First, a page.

If a villager asked for a house of polished obsidian, the builder would construct it himself, and say nothing of the extra cost. After many years, his back ached; his fingers became twisted and bent. Yet he grew no richer. Best Defense: Calculate Your Costs.
Watch your pennies on the job, or your company will lose millions of dollars throughout the year.
By Alison Rice
This builder was making nothing," recalls Steve Hays, who manages the home builder services group of the accounting firm Rubin, Brown, Gornstein and Co. in St. Louis. "They'd misestimated the direct construction costs and didn't realize it until they had 45 units closed."
Ouch. With direct construction costs representing the largest piece of a home's sales price (50 percent to 58 percent, depending on the consultant), controlling them has a critical impact on profitability. "You have got to manage that number," Hays says.
Yet, as the above builder discovered, that often fails to happen during the endless decision-making involved in building a house. But builders must manage that process effectively. "The accretion of little details can end up costing you the profits on a job or a succession of jobs throughout the year," says John Wilcox, executive director of business management at the NAHB.
To maintain your company's profitability, pay attention to these key areas:
Stay off the job. Want to reduce your profits? Work on the jobsite with your crew; research suggests it may correlate negatively with profitability, according to a 2001 study by the NAHB and Mark Hutchings of Brigham Young University.
Keep moving. Schedule your suppliers and subcontractors to maximize efficiency. Each day that workers stand idle waiting for a delivery, you're throwing away hundreds of dollars per house, says Chuck Shinn of the Lee Evans Group.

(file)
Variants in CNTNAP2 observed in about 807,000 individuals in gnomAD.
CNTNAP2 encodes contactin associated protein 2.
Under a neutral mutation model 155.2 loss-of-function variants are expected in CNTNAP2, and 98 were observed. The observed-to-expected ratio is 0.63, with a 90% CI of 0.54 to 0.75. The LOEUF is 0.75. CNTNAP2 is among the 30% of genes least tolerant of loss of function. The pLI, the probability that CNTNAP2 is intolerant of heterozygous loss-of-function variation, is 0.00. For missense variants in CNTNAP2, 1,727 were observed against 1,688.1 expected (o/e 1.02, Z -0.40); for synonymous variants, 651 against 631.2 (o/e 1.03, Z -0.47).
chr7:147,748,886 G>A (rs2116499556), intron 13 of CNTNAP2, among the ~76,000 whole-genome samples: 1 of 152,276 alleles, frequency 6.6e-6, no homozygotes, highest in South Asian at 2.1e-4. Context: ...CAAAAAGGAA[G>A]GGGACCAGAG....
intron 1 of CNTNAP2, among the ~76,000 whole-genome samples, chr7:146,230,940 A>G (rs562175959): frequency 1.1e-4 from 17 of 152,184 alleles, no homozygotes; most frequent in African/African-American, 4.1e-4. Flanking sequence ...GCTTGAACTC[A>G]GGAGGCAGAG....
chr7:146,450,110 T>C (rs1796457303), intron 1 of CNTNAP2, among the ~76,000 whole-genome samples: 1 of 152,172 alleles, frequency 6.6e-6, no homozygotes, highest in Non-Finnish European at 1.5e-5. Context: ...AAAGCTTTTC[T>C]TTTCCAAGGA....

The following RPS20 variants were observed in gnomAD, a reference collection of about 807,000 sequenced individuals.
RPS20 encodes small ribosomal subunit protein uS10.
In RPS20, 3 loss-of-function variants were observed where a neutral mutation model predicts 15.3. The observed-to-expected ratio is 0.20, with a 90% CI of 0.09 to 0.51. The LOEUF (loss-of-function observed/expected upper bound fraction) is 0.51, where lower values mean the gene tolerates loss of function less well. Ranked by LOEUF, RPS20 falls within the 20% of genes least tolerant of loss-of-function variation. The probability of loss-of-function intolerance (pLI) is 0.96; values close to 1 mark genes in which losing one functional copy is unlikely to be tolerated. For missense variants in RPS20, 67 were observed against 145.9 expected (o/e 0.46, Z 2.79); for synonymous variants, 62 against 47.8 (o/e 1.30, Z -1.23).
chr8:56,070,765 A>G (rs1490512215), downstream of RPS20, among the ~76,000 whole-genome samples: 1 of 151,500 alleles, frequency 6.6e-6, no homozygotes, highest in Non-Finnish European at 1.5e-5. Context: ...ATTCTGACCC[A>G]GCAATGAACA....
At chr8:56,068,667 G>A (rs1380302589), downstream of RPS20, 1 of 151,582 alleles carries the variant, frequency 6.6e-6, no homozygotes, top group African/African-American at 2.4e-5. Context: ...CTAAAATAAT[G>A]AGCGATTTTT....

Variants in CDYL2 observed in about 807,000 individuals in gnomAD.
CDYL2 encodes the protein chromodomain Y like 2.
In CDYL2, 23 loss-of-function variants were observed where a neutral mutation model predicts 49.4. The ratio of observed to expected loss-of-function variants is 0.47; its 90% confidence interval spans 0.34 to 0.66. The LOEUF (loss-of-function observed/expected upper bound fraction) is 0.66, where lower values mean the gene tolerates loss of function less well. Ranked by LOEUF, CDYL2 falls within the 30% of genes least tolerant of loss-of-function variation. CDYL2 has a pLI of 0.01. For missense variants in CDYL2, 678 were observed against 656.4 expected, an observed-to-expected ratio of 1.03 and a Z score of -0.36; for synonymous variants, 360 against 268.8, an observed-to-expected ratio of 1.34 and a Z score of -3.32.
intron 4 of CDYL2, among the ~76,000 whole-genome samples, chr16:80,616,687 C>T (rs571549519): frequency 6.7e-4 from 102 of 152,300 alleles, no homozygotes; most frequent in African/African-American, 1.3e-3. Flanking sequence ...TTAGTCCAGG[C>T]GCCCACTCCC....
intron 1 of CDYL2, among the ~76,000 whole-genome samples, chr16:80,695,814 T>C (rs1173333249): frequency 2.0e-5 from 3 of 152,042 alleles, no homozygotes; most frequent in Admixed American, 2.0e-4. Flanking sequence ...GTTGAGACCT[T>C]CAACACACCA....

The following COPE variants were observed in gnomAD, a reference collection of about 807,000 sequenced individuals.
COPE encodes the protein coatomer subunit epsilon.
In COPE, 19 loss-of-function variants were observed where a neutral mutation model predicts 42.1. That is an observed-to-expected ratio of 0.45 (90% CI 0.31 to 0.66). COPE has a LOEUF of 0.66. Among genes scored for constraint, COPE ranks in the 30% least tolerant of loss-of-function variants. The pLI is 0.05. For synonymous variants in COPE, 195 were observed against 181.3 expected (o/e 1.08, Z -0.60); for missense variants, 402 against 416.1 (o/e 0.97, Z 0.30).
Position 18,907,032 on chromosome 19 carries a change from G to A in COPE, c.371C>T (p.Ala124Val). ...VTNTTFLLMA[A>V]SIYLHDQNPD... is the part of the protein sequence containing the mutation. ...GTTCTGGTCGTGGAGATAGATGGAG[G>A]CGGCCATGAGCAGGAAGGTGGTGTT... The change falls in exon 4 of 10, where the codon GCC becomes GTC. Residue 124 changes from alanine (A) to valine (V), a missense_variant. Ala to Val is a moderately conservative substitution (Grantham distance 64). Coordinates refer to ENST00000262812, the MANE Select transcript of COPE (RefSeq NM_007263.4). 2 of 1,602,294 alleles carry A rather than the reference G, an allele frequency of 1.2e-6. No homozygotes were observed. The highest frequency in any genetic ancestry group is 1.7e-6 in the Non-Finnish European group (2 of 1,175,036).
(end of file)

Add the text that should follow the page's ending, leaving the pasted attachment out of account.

Watch equipment buys. Leave the brand-new, $25,000 excavator at the dealer and rent one instead. "You always think you'll save money [when you buy your own equipment], but unless you do a lot of volume and you run that Bobcat like a business, you're not going to," says Hays.
Purchase smart. If you're doing 75 or more homes annually, or you pay suppliers on cash terms, you should receive some level of discount. Add competitive bidding, contracts, and a purchasing order system, and you could gain as much as 5 percent, according to the Lee Evans Group.
Estimate right. By relying exclusively on subs and suppliers for estimates, you lose control of your material costs. "You've got to get rid of the fudge factor," Chuck Shinn says. But make sure you're accurate: A low lumber estimate cost the builder mentioned earlier thousands of dollars extra on his $165,000 houses, virtually erasing the margins.
Price for profit. "Builders often start with the costs and then come up with the markup. Instead, they should start at the top," says Steve Maltzman, of Builders Accounting Services in Redlands, Calif. Determine the market price for the home, the desired profit, the cost of land, and the amount for direct construction. This is critical for spec homes, which typically sell for 10 percent less than contract homes.